My short story, When the Bleeding Just Won’t Stop, is now live at Bare Back Magazine… although I would advise against going there if you’re a child, or in any way prudish about sex.
This story started life as a simple sex scene – mostly as an experiment to see if I could write one. I find that descriptions of the act itself, in fiction, are usually boring and inconsequential to the plot, and in that way they have about the same importance as characters going to the bathroom, and you don’t often read that on the page. Of course, sex is more titillating than the toilet, so I understand the appeal.
Once I got into writing the sex scene, I started wrapping a story around it and developing the characters, and then the whole thing took off from there. I think it’s a good story, and a thoughtful piece of erotica that has something to say.
Check it out if that kind of thing takes your fancy.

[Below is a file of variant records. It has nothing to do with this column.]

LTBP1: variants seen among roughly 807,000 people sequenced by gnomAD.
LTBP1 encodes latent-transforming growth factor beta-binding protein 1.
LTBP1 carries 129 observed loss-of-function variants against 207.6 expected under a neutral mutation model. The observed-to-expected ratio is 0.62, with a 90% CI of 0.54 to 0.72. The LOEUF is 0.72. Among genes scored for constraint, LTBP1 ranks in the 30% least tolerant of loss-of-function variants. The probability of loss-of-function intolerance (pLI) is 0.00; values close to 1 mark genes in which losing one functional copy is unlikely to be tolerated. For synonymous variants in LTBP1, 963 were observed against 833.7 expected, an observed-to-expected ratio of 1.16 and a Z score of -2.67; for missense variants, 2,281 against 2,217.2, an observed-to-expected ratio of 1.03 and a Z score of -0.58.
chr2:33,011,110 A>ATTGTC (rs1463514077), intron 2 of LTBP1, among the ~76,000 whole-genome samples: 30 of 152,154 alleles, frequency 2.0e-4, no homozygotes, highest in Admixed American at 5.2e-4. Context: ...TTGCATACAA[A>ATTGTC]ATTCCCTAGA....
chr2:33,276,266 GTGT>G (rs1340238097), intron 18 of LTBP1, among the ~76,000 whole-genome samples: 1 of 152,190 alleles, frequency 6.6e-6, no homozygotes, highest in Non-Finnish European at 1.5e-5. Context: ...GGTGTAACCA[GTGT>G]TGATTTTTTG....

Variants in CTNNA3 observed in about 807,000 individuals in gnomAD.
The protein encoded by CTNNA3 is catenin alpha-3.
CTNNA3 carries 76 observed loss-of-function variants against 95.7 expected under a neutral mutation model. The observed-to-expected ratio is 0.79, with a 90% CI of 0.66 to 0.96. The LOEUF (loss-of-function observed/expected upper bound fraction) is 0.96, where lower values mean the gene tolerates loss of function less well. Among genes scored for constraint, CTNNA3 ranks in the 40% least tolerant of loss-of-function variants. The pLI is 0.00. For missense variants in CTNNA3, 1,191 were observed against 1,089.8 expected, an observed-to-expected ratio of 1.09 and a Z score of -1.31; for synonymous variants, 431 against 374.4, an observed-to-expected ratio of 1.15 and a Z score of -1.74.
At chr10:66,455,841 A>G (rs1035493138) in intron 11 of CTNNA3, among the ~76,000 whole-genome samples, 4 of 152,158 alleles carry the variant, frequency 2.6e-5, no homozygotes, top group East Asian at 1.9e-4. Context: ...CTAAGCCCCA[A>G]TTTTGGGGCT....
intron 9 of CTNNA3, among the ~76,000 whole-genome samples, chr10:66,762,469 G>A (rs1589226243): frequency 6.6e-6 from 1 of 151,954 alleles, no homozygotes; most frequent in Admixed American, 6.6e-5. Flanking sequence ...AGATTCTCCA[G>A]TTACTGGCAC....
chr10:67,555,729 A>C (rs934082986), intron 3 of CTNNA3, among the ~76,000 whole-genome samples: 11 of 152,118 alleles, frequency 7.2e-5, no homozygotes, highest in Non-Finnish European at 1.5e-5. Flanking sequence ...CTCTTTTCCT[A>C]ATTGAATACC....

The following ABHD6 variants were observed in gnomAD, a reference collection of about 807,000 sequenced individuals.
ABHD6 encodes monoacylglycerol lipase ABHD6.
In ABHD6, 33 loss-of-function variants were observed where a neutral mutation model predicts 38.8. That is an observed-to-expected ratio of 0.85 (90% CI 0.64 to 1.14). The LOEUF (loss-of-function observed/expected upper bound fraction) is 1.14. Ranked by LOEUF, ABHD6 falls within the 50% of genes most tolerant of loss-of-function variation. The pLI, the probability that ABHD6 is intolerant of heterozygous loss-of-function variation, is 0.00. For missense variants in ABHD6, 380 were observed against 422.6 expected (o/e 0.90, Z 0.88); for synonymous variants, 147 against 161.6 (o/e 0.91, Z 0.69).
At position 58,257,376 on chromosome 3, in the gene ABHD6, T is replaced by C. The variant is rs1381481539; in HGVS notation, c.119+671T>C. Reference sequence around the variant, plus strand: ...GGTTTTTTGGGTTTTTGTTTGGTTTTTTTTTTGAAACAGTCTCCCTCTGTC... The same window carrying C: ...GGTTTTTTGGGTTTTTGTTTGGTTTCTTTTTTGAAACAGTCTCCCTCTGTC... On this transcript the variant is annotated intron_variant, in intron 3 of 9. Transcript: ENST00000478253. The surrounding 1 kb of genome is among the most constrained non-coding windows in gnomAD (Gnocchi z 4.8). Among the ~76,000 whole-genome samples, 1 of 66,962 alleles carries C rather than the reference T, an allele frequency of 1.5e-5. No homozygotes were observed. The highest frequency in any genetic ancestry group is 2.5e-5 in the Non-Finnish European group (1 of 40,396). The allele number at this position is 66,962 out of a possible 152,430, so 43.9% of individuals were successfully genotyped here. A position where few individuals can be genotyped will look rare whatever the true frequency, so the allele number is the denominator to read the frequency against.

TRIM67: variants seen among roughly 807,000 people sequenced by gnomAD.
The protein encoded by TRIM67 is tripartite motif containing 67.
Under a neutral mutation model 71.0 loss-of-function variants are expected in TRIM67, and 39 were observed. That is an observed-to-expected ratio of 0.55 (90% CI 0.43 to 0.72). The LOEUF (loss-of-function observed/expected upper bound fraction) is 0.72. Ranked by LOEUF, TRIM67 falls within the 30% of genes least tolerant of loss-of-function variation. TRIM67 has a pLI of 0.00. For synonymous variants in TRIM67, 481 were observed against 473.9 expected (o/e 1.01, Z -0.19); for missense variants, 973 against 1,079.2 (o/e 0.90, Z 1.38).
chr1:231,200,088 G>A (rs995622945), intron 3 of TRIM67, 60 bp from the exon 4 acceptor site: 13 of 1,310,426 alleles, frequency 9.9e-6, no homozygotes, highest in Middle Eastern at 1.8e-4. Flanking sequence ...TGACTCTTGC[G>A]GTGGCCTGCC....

January has been a long month, as it usually is. But, at the very least, it has got off to a positive start with my writing.
Earlier this month I had my first short story acceptance since 2015. I’m not greedy, but that’s an extremely long drought for me. I don’t really know why either. Sure, I’ve written less in the last few years, but I’ve still been putting my work out there. Either my standards were getting too high or my writing just wasn’t hitting the spot anymore. Maybe it was a little of both.
Either way – to keep the metaphor going – I’m glad I’ve finally found some water. The story should be going live online in March, and I’ll talk about it more closer to the time.